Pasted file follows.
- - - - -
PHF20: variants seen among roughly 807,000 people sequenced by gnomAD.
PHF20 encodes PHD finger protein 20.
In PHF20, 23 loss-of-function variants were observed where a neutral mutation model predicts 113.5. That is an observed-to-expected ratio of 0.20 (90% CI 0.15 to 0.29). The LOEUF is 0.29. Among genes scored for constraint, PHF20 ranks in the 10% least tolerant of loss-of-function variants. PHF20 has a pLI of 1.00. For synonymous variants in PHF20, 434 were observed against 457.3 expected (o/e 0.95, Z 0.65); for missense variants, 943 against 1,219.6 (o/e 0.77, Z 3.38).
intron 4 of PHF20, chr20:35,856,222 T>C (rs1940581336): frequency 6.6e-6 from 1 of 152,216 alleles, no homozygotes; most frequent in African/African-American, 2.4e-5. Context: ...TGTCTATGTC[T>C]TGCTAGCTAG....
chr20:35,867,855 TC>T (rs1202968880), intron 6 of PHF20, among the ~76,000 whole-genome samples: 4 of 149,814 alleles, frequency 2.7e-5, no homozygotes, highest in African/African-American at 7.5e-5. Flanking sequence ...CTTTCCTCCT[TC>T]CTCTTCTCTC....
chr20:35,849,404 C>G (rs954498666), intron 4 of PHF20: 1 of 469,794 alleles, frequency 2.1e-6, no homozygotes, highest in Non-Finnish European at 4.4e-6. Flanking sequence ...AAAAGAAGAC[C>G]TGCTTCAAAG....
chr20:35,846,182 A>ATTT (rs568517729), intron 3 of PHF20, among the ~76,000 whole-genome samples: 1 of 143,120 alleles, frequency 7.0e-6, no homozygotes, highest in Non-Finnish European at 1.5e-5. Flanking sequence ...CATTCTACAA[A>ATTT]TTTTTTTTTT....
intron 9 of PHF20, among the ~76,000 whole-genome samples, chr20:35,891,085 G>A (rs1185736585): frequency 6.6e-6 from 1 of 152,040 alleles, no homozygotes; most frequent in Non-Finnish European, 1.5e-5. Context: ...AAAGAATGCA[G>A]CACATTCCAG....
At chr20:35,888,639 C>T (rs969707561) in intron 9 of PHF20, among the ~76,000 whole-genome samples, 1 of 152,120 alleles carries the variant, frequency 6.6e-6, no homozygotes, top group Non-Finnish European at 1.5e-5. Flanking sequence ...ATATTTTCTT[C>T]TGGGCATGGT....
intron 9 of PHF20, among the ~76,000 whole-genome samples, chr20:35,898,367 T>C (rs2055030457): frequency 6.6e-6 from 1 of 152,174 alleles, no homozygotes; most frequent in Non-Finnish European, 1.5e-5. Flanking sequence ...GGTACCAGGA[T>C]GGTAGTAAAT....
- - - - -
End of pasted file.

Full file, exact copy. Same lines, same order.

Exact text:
PHF20: variants seen among roughly 807,000 people sequenced by gnomAD.
PHF20 encodes PHD finger protein 20.
In PHF20, 23 loss-of-function variants were observed where a neutral mutation model predicts 113.5. That is an observed-to-expected ratio of 0.20 (90% CI 0.15 to 0.29). The LOEUF is 0.29. Among genes scored for constraint, PHF20 ranks in the 10% least tolerant of loss-of-function variants. PHF20 has a pLI of 1.00. For synonymous variants in PHF20, 434 were observed against 457.3 expected (o/e 0.95, Z 0.65); for missense variants, 943 against 1,219.6 (o/e 0.77, Z 3.38).
intron 4 of PHF20, chr20:35,856,222 T>C (rs1940581336): frequency 6.6e-6 from 1 of 152,216 alleles, no homozygotes; most frequent in African/African-American, 2.4e-5. Context: ...TGTCTATGTC[T>C]TGCTAGCTAG....
chr20:35,867,855 TC>T (rs1202968880), intron 6 of PHF20, among the ~76,000 whole-genome samples: 4 of 149,814 alleles, frequency 2.7e-5, no homozygotes, highest in African/African-American at 7.5e-5. Flanking sequence ...CTTTCCTCCT[TC>T]CTCTTCTCTC....
chr20:35,849,404 C>G (rs954498666), intron 4 of PHF20: 1 of 469,794 alleles, frequency 2.1e-6, no homozygotes, highest in Non-Finnish European at 4.4e-6. Flanking sequence ...AAAAGAAGAC[C>G]TGCTTCAAAG....
chr20:35,846,182 A>ATTT (rs568517729), intron 3 of PHF20, among the ~76,000 whole-genome samples: 1 of 143,120 alleles, frequency 7.0e-6, no homozygotes, highest in Non-Finnish European at 1.5e-5. Flanking sequence ...CATTCTACAA[A>ATTT]TTTTTTTTTT....
intron 9 of PHF20, among the ~76,000 whole-genome samples, chr20:35,891,085 G>A (rs1185736585): frequency 6.6e-6 from 1 of 152,040 alleles, no homozygotes; most frequent in Non-Finnish European, 1.5e-5. Context: ...AAAGAATGCA[G>A]CACATTCCAG....
At chr20:35,888,639 C>T (rs969707561) in intron 9 of PHF20, among the ~76,000 whole-genome samples, 1 of 152,120 alleles carries the variant, frequency 6.6e-6, no homozygotes, top group Non-Finnish European at 1.5e-5. Flanking sequence ...ATATTTTCTT[C>T]TGGGCATGGT....
intron 9 of PHF20, among the ~76,000 whole-genome samples, chr20:35,898,367 T>C (rs2055030457): frequency 6.6e-6 from 1 of 152,174 alleles, no homozygotes; most frequent in Non-Finnish European, 1.5e-5. Flanking sequence ...GGTACCAGGA[T>C]GGTAGTAAAT....